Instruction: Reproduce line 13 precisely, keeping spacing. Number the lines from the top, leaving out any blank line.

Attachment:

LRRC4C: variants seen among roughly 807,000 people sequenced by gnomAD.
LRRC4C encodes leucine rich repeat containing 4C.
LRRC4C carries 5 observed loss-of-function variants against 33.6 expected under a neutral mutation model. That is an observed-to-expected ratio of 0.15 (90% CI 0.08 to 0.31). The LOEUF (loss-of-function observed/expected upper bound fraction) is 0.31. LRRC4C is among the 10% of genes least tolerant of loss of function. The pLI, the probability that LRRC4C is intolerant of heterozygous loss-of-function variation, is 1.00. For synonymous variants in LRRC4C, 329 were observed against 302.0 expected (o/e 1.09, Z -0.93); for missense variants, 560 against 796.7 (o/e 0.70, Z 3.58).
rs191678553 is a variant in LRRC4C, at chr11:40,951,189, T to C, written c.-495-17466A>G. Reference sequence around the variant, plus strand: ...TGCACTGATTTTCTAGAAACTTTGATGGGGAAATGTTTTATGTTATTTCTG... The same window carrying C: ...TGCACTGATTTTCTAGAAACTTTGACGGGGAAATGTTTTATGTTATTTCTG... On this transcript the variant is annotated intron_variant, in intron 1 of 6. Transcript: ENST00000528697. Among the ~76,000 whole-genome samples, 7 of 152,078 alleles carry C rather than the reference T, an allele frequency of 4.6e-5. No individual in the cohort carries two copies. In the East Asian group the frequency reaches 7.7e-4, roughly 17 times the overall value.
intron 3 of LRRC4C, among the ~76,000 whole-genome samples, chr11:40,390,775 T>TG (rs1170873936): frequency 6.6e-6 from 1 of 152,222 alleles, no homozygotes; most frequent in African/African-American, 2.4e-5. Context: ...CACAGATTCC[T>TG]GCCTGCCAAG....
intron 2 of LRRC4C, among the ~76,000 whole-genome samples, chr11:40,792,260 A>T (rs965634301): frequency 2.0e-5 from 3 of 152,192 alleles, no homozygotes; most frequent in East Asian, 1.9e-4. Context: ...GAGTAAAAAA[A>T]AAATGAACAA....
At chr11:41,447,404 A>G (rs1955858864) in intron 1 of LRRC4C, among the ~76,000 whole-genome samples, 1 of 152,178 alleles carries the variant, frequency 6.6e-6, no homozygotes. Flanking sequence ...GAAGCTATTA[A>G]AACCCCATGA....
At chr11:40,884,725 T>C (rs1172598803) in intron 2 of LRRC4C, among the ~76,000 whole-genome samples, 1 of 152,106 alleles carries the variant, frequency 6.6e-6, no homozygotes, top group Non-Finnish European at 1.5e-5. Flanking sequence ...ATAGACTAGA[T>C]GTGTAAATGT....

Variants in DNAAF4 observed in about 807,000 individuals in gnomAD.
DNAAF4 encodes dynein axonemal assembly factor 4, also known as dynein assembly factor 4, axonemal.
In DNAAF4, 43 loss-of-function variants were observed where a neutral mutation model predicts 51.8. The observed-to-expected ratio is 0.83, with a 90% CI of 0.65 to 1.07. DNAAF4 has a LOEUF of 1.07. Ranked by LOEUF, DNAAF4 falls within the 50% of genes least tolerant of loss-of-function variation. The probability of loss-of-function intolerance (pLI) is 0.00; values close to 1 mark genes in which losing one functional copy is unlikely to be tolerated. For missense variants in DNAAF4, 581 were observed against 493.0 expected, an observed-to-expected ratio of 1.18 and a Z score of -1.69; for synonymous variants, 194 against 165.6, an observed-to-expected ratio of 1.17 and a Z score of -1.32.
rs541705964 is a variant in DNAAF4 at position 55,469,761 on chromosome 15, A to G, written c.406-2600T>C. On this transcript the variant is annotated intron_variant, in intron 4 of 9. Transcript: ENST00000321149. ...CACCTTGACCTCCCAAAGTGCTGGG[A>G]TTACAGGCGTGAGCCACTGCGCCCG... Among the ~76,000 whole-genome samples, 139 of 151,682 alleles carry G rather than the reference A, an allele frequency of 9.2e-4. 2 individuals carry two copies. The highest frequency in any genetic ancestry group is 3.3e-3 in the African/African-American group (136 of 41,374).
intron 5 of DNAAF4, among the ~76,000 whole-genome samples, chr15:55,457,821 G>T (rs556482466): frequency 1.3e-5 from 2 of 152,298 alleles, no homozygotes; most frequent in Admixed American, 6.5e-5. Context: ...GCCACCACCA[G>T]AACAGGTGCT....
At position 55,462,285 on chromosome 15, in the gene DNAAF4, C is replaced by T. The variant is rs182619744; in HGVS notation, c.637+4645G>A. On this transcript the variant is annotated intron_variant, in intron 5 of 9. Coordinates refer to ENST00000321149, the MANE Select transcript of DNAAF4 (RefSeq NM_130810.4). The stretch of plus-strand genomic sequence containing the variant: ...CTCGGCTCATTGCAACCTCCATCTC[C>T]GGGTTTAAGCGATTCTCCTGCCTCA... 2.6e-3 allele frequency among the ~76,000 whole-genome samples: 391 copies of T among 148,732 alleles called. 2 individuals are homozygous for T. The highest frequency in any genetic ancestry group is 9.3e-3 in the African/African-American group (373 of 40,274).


intron 5 of DNAAF4, among the ~76,000 whole-genome samples, chr15:55,457,821 G>T (rs556482466): frequency 1.3e-5 from 2 of 152,298 alleles, no homozygotes; most frequent in Admixed American, 6.5e-5. Context: ...GCCACCACCA[G>T]AACAGGTGCT....